The somewhat irony is, once I removed the restrictions of time on travel by resigning from my job, the primary obstacle of travel spend reduced too.
Some of the highlights so far are:
Freedom from time constraints (other than Visa limits)
Ability to make changes in direction spontaneously.
Getting to know a city well enough you can navigate it on foot by recognising streets and discovering new ones. It’s something that has saved me when my phone runs out of battery.
Being able to cook with local ingredients and prepare fresh foods at least 4 nights a week as much for my own enjoyment than budget. You could survive pretty well on 5 euro kebab combos, but that gets old pretty quick.
Learing enough of the language to get by and then some. I am not conversational in Portuguese, Spanish or Italian by any stretch but I could probably give most native speaking toddlers a run for their applesauce.
Discounts by renting at monthly/weekly rates. Hostels are the go to for the budget traveler, for weekly rates in a dorm you might get a good deal and there is the social aspect of meeting other travelers.
For longer term travel however the comfort and convenience of living in an AirBnb home is more attractive and cost-effective to me. Not worrying about forming a long queue for kitchens or bathrooms, having easy access to the comforts of a home environment and most importantly local knowledge from local people has made AirBnB a fantastic experience so far.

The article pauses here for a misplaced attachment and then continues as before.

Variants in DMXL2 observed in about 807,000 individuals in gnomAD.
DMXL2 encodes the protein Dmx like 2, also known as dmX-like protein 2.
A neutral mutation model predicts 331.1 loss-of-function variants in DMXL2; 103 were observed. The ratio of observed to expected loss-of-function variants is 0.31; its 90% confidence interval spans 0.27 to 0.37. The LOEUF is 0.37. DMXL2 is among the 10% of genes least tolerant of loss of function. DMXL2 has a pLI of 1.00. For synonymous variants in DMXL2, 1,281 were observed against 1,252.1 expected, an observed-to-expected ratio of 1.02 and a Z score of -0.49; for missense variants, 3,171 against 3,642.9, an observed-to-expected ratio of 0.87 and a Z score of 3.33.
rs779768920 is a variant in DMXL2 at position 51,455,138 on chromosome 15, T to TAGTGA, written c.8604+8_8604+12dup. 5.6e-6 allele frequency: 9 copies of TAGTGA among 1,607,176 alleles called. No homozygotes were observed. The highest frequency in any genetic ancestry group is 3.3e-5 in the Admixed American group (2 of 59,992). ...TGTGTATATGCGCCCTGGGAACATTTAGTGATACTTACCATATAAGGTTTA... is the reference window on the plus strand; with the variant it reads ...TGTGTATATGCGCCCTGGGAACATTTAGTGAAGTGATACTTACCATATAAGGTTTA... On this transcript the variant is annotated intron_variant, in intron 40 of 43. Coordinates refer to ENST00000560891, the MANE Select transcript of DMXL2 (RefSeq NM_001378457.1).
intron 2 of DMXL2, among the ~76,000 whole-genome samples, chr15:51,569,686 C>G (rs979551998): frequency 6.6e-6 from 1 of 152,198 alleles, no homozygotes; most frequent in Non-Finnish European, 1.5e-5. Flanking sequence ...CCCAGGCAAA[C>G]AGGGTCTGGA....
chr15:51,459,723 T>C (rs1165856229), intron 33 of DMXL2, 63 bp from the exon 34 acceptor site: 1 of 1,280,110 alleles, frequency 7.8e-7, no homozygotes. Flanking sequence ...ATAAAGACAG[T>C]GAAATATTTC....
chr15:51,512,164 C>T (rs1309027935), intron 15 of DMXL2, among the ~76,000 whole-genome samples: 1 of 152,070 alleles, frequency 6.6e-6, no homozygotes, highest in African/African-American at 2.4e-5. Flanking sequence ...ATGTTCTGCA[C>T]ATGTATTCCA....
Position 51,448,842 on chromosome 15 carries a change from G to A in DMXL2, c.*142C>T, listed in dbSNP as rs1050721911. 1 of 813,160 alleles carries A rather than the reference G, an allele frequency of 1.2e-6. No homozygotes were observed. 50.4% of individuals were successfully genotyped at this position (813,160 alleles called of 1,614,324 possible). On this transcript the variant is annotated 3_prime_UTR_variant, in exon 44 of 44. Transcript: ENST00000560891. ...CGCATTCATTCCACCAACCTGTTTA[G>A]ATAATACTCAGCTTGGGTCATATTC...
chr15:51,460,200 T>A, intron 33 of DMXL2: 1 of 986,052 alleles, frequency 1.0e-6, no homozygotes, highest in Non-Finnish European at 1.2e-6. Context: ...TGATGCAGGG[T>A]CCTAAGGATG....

Keeping a daily budget diary, just to record your spend, even if to the nearest Euro. Much like how calorie counting becomes second nature to dieters so does budgeting to travelers. Looking for savings where you can, Menu’s of the day when you are hungry and want a good deal while avoiding the tourist trap prices by walking to the next street from the nearby attractions.
Being budget conscious and budget beholden are 2 different things. I would not risk my health, safety or sanity trying to save a buck. I realised this when almost booking a flight to Porto that would have required the Heathrow/Gatwick transfer to save a few hundred dollars. The direct flight to Lisbon later dropped in price to the same cost and rail travel in Portugal was very inexpensive if you book early and take advantage of the specials.
The longer the travel timeframe the longer of an average you will have to work with. I know France is likely to be expensive and to spike up my costs considerably, it still won’t dissuade me from traveling there, I know I will have a couple cheap months further down the line somewhere to even it out.